Army post closing bittersweet chapter Business park coming to Fort Ritchie site

July 18, 1998|By Cheryl Lu-Lien Tan | Cheryl Lu-Lien Tan,SUN STAFF

CASCADE -- After more than 70 years as a military post, Fort Ritchie symbolically closed a chapter on Army life yesterday evening with a formal ceremony in which the U.S. Garrison flag was rolled up for the final time.

Armed with deck chairs and blankets, cameras and coolers, thousands of people staked out places on a field in a center of the fort to watch the 5 p.m. inactivation of the small, cozy military post in picturesque Cascade, which those who live in the area say has grown on them over the years.

"It's kind of sad," said Deborah Phillips, 39, of Hagerstown, who said she took her children Kia, 12, and Eric, 5, to the ceremony to learn about patriotism and camaraderie.

"It's losing what you know," said the child care center director, "and having to look to the future and not really knowing what's there."

Phillips' sentiment echoed the area's initial concerns when Army officials announced three years ago that the post, with more than 2,400 personnel, would close. Residents and elected officials worried about the impact the closure would have on businesses in Cascade, a quiet town of about 2,000 people fenced by a scenic stretch of the Blue Ridge Mountain range.

So far, the plan is to turn the 638-acre post into a business park that developers hope will attract high-tech companies.

"It's going to change the face of Washington County," said Robert P. Sweeney, executive director of PennMark Development Corp., which is planning the business park. "The Army looks at this as the end, but we look at it as a new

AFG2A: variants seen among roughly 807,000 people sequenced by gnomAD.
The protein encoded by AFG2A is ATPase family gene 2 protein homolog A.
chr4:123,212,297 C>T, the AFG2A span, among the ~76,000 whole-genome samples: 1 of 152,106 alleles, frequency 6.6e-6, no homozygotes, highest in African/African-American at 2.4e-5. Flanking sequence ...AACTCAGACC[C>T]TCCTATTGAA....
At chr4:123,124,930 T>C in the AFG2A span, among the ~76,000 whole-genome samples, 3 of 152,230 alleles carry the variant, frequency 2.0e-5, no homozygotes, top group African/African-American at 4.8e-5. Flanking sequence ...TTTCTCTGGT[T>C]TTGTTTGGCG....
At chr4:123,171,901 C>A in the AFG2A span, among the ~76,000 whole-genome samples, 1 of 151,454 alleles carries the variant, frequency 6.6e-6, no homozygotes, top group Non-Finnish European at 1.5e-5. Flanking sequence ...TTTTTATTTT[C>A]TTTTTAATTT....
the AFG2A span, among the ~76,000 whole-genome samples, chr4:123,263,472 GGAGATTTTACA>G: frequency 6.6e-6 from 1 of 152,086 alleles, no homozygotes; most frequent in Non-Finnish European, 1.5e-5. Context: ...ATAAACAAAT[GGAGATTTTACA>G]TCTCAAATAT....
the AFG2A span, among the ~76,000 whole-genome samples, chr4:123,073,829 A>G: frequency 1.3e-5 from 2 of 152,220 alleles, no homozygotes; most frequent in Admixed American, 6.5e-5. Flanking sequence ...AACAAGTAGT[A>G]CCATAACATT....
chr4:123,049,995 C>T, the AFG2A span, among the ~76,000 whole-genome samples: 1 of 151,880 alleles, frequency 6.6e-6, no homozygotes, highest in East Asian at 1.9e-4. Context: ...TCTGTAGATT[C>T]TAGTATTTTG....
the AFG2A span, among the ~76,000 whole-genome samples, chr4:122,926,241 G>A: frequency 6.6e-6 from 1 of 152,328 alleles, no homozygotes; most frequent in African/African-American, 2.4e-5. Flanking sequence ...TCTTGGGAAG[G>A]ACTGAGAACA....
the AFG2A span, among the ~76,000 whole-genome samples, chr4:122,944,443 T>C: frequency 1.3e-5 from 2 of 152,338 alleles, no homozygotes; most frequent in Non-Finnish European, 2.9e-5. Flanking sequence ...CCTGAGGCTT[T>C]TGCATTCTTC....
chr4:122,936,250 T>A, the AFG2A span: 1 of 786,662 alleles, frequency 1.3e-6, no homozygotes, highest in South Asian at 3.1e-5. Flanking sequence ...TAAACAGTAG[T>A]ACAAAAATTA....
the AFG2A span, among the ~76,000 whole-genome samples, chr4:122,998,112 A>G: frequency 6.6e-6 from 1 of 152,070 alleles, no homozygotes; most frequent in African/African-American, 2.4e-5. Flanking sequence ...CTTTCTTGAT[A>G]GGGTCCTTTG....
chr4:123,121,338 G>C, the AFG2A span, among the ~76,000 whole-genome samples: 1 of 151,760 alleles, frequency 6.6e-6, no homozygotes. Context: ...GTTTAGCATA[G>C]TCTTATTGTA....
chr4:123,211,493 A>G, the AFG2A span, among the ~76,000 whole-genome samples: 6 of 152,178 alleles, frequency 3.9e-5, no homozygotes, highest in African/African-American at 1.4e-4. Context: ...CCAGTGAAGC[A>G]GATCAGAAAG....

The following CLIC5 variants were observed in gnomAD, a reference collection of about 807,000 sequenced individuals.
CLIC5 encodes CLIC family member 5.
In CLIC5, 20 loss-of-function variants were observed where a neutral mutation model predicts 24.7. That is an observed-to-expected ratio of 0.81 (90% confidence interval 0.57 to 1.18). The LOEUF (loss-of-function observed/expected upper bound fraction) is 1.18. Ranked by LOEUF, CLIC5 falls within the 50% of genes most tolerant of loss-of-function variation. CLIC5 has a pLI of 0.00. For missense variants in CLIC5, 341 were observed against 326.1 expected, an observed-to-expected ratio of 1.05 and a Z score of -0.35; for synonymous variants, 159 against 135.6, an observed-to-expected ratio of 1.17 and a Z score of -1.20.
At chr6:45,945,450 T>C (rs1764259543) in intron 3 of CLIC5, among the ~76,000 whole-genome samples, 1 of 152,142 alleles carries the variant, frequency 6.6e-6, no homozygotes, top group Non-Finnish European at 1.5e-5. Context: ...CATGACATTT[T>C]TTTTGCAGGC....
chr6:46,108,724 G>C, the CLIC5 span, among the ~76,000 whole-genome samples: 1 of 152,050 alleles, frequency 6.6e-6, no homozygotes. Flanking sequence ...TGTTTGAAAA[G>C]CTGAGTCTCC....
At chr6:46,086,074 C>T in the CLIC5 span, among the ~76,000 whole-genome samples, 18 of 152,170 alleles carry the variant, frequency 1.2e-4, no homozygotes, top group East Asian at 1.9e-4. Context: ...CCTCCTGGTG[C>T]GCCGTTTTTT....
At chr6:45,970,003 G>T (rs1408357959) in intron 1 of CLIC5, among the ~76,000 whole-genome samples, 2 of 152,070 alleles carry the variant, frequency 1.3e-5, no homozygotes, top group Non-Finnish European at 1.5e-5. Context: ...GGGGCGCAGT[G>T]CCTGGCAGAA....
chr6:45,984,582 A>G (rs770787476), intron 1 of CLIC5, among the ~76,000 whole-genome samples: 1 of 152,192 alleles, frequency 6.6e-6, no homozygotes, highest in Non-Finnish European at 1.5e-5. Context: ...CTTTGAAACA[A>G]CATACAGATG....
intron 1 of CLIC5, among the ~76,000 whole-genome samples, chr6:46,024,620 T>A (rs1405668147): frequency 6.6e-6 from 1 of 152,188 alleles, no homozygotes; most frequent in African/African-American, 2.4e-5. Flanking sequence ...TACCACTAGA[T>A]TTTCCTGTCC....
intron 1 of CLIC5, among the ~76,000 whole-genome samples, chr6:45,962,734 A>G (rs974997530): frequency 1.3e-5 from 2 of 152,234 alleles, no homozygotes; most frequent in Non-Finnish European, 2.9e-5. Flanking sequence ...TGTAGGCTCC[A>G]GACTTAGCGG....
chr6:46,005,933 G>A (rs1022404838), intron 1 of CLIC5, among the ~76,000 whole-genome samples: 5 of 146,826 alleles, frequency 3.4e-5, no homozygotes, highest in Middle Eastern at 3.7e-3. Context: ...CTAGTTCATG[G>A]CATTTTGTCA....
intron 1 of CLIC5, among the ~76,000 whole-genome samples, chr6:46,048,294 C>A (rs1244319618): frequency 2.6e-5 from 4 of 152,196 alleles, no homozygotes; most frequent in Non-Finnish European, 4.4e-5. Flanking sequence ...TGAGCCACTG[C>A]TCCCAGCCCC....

Even though about 1,000 Army personnel were still based at Fort Ritchie, PennMark started leasing space on the post like an impatient new landlord about a year ago.

The company leased housing to military still in the area and office space to the International Masonry Institute, which has a staff of 20 on the post and plans to expand.

Sweeney said the company will start constructing office building space next spring.

Even with these plans firmly in place, those at the ceremony yesterday expressed mixed feelings.

"It's bittersweet," said Kathy Fotheringham, a spokeswoman for the post. "It's gorgeous out here. It's a country club setting."

Fotheringham, who has been at Fort Ritchie for eight years, said the personnel on the post have always felt very connected to Cascade through the decades.

"The base was the first place where [Army personnel] were trained in central intelligence" during World War II, Fotheringham said. "So there were spies here and everyone in town knew, but nobody talked about it. It was a secret and it drew people closer."

The post, which was completed in 1927, initially was named Camp Albert C. Ritchie, after the Maryland governor. It first housed the National Guard and then was turned over to the Army in 1942.

Most of its personnel has been or will be transferred to Fort Detrick in Frederick; Fort Huachuca, Ariz.; or Letterkenny Army Depot, Pa., Fotheringham said.

She said Fort Ritchie has always been small -- never having more than 3,000 personnel on post -- compared with most posts, which have staffs that number between 10,000 to 50,000.

For Sgt. Douglas Howard, 35, the small size is one reason he's sad to leave Fort Ritchie, where he has been for four years.

"You have personal relationships here," said Howard, who described the mountainous area as "an oasis." "At some bases, it's so big that you're just a number because there are so many soldiers."

As the festivities took place on post, others chose to say goodbye in a different way.

Perched on a bar stool at the Chocolate Park Tavern across the street from Fort Ritchie yesterday afternoon, 47-year-old Ed Hughes said he didn't plan to attend the ceremonies and was trying to avoid discussing its closure.

Hughes said he fell in love with and settled in the area when he was stationed at Fort Ritchie from 1990 to 1992, when he retired.

"In the Army, there are just some posts that are called 'best-kept secrets,' " Hughes said. "And to me, this was one of them."

Pub Date: 7/18/98

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